By Bruce Wagner
Simon & Schuster,
507 pages, $36
Memory is to the novel what soil is to a plant, both food and home. Think of Dickens's David Copperfield or Faulkner's The Sound and the Fury. Try to imagine smelling Proust's time-transporting madeleine pastry.
For better or worse, few subjects recur in the literary novel as regularly as the persistence of memory. American satirist Bruce Wagner invokes and challenges this literary fixation on memory in his stimulating new novel, Memorial, a novel that, in its own wild and vitriolic telling, understands why people sometimes prefer a specific and physical public memorial to the vicissitudes and abstractions of private memory.
To frame his skewering portrait of self-serving greed, Wagner interweaves the stories of four Californians on the threshold of financial change. Thirty-seven-year-old Joan Herlihy is elated to climb past personal and professional plateaus when she is short-listed to propose designs for a billionaire's private memorial to family lost in the 2004 Indian Ocean tsunami.
While she hopes to earn piles of money through her work, her feckless brother Chess is tempted to sue for a similar pile after a half-friendly betrayal finds him injured and then addicted to painkillers.
Their mother, Marj, a widow with an empty nest and a full bank account, falls prey to appeals to her vanity and meets an unexpected attack on her financial and personal security.
Completing this composite portrait of selfishness and flimsy ethics is Ray, a man "in the September of his years" also considering a legal settlement, one that would see him finally able to provide for those he loves, a first for a man who abandoned his young family decades ago.
While Joan and her "starchitect" peers often pile material upon material in their memorials and commissioned designs, here Wagner himself piles accuracy upon accuracy in this bitingly funny novel brimming with inventive wordplay, splenetic satire, pitch-perfect realism and, ultimately, genuine humanity. A gift piece of "blood coral" is "like a letter in the alphabet of the nonverbal." Adult children reluctantly visit their mother and stepfather "on smiley autopilot." A rival architect "looked like a well-heeled dentist, the type with something questionable on his hard drive."
Delightfully, Wagner combines his metaphoric eye with cutting social observations to create superb satire. The billionaire commissioner of the memorial chooses to honour only his brother and sister-in-law, not other victims, and does so on 400 acres of private land, knowing he is denying the public their "gore fix," refusing to be a "healer or a dealer" by allowing "the public to stroll around and drop their trash" to "iPod commentaries." For another character, a hospital visit meets "the usual mindlessly galling, passive-aggressive encounters with testily indifferent functionaries and grinning eunuchized volunteers," and finally, a "tangle of nerves, short circuits, and wrong information."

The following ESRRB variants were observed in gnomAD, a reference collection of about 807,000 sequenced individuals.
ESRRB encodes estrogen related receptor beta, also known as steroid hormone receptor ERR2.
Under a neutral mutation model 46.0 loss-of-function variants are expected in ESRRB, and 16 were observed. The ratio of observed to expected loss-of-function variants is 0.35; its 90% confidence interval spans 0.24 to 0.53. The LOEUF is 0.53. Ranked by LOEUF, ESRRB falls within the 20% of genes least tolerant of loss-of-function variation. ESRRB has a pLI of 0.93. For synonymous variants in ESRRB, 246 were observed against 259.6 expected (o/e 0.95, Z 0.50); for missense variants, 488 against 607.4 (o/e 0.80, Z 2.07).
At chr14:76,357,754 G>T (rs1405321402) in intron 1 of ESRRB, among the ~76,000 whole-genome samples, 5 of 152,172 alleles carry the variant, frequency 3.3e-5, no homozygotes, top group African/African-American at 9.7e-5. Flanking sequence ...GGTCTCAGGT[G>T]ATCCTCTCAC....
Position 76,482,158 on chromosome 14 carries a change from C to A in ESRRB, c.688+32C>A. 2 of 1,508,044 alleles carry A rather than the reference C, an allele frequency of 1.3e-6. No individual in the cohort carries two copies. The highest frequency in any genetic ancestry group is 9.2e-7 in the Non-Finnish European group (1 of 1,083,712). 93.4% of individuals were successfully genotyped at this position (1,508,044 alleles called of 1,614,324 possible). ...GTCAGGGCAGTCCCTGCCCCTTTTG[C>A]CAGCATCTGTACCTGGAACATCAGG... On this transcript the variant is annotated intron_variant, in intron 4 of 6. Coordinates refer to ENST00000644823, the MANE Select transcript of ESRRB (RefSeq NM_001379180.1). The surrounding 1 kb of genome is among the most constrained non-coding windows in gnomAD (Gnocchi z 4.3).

Wagner's feverish, insatiable wordplay and endless social satire almost eclipse his superb realism and his admirably multidimensional characters. Consumerism, xenophobia, racism, cultural imperialism and the counterfeiting of vanity as spiritualism all come under Wagner's relentless attack. Here, in his sixth novel, Wagner pulls out all the stops and attacks with one well-turned phrase after another, with deliciously accurate and cutting dialogue (including more than one multipage monologue) and with the four unfolding and interweaving stories.
Perhaps most impressive is Wagner's thorough but complex mining of guilt. As in life, characters regret their mistreatment of family members one minute but then continue to pursue selfish motives the next. These mixed emotions are often observed best in the sex lives of his characters, and to Wagner's hermaphroditic credit the sexuality best explored here is that of the late thirtysomething Joan, not one of the men.
Ultimately, though, not even sex or love are spared Wagner's withering eye. Regarding pregnancy, Joan says, "Nothin says lovin like something from the oven." Only the senior male, Ray, feels slightly underexplored, with an uneventful present not quite matching the severity of his past.
The novel's plot, nimble prose and extremely au courant immersion in pop culture make Memorial a vibrant and frenetic novel, and one must occasionally dodge the allusions or jokes to see how deeply heartfelt and caring it is as well. The billionaire patron of the memorial is aghast to see the first anniversary of the tsunami recalled by celebrities on talk shows mourning other celebrities: "Yeah right, I'm sure, that's exactly what Sir Soulmate would have wanted! I died drowning, getting thwacked by garbage and dead babies breaking the bones in my face as I screamed and my lungs sucked in animal feces and gasoline -- but party on!"
Yet even at its most brazen, Wagner's satirical disapproval for contemporary humanity is fuelled by a palpable, and ultimately affirming, desire for people to live wiser and more genuine lives.
In one of the novel's innumerable moments of emotional maturity, in a Wagnerian moment of characters being mature by admitting to their immaturity, a man confesses to a woman that he loves her because, "You're the only person angrier than I am." Such a line encapsulates this writer and his love/hate relationship with contemporary culture. Like it, Bruce Wagner is invitingly honest, bristling with rage and yet simultaneously full of sincere love.
Darryl Whetter is a former professor of creative writing and the author of the story collection A Sharp Tooth in the Fur.